Student fights back after consideration for admission to NCSSM denied
Posted May 25
Durham, N.C. — A high school sophomore is fighting back after the North Carolina School of Science and Mathematics said the school cannot consider him for admission.
The teenager, whose identity was not made public, and his family, filed a lawsuit on May 18 challenging the admissions policy at the Durham school.
The school said it can consider only permanent North Carolina residents for enrollment. The student is from Mexico and came to the state with his parents when he was a toddler.
In a letter from the school, Chancellor J. Todd Roberts said that, due to the student's Deferred Action for Childhood Arrivals (DACA) status, the student is ineligible for admission to the school.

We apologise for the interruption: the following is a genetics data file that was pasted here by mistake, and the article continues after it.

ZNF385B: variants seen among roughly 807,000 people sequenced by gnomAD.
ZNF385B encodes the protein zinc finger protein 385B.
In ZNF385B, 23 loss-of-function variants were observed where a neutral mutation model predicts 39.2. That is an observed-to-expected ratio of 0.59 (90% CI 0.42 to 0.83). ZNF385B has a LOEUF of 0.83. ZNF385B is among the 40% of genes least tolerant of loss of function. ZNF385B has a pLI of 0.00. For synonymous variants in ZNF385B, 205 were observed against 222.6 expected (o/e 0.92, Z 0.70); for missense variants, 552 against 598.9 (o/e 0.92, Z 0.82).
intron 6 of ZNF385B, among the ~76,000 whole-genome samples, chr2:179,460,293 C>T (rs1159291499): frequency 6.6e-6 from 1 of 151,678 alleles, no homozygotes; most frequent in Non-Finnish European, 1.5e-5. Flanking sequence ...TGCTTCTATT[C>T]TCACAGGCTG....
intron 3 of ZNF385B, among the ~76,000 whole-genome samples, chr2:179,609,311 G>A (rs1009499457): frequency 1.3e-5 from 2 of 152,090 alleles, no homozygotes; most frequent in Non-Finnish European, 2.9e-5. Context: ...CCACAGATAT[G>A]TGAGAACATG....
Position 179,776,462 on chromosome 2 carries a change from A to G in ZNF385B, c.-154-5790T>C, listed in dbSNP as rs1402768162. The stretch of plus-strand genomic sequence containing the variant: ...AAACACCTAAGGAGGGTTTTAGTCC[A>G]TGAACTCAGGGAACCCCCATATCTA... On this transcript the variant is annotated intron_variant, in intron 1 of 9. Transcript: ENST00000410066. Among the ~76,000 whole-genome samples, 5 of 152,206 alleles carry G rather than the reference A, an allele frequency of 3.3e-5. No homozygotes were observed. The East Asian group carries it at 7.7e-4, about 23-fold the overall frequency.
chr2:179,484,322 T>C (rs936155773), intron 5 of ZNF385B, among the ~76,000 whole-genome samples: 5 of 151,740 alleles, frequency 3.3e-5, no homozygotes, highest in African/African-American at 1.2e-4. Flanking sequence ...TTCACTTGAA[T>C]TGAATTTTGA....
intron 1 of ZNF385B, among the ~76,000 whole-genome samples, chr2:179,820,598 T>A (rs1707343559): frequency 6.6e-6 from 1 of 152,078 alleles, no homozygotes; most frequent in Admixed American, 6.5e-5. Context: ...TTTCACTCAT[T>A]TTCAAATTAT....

"I regret to inform you that we cannot consider your application for admission to NCSSM," the letter said.
Under President Barack Obama's executive action in 2012, the student was given permission to be in the country, but it is only temporary, and it does not grant him citizenship.
According to court records, the school said the students in the DACA program are not eligible for enrollment consideration because they are not permanent residents of the state.
"(The student) has grown up in North Carolina and considers it to be his home," said Kate Woomers-Deters, a staff attorney at the North Carolina Justice Center in Raleigh. "We are saying that, under federal law – and we believe that federal law controls the situation – under federal law, we believe he is considered a legal resident of North Carolina and under North Carolina state law."
Records also show that the school looked for guidance from the state on the decision.
In an advisory letter, the state Attorney General's Office backed the school. The letter said such students "would not be eligible for admission to, and enrollment at NCSSM."
WRAL News reached out to the school for comment, but did not hear back.